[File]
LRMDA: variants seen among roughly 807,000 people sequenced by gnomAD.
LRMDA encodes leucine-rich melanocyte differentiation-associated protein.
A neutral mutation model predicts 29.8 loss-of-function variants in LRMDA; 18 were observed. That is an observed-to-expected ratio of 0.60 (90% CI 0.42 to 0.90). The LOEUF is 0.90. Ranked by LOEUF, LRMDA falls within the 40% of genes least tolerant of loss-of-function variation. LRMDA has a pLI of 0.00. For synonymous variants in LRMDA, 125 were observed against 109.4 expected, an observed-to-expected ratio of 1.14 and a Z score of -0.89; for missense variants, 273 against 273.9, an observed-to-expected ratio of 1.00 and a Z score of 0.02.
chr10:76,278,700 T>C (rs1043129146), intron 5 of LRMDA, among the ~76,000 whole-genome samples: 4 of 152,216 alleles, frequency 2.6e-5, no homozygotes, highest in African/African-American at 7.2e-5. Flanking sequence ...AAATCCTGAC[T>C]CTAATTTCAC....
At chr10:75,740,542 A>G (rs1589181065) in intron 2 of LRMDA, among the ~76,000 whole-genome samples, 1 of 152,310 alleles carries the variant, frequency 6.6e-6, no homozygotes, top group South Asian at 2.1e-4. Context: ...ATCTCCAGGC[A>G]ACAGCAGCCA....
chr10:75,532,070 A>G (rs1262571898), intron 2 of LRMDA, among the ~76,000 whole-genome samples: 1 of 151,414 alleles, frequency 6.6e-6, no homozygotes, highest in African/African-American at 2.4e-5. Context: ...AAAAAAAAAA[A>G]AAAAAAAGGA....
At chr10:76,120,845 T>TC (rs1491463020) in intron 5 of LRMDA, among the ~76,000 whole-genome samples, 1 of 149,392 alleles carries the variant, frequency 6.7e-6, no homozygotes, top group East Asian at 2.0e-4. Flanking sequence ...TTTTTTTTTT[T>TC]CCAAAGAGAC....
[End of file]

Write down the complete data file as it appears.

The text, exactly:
LRMDA: variants seen among roughly 807,000 people sequenced by gnomAD.
LRMDA encodes leucine-rich melanocyte differentiation-associated protein.
A neutral mutation model predicts 29.8 loss-of-function variants in LRMDA; 18 were observed. That is an observed-to-expected ratio of 0.60 (90% CI 0.42 to 0.90). The LOEUF is 0.90. Ranked by LOEUF, LRMDA falls within the 40% of genes least tolerant of loss-of-function variation. LRMDA has a pLI of 0.00. For synonymous variants in LRMDA, 125 were observed against 109.4 expected, an observed-to-expected ratio of 1.14 and a Z score of -0.89; for missense variants, 273 against 273.9, an observed-to-expected ratio of 1.00 and a Z score of 0.02.
chr10:76,278,700 T>C (rs1043129146), intron 5 of LRMDA, among the ~76,000 whole-genome samples: 4 of 152,216 alleles, frequency 2.6e-5, no homozygotes, highest in African/African-American at 7.2e-5. Flanking sequence ...AAATCCTGAC[T>C]CTAATTTCAC....
At chr10:75,740,542 A>G (rs1589181065) in intron 2 of LRMDA, among the ~76,000 whole-genome samples, 1 of 152,310 alleles carries the variant, frequency 6.6e-6, no homozygotes, top group South Asian at 2.1e-4. Context: ...ATCTCCAGGC[A>G]ACAGCAGCCA....
chr10:75,532,070 A>G (rs1262571898), intron 2 of LRMDA, among the ~76,000 whole-genome samples: 1 of 151,414 alleles, frequency 6.6e-6, no homozygotes, highest in African/African-American at 2.4e-5. Context: ...AAAAAAAAAA[A>G]AAAAAAAGGA....
At chr10:76,120,845 T>TC (rs1491463020) in intron 5 of LRMDA, among the ~76,000 whole-genome samples, 1 of 149,392 alleles carries the variant, frequency 6.7e-6, no homozygotes, top group East Asian at 2.0e-4. Flanking sequence ...TTTTTTTTTT[T>TC]CCAAAGAGAC....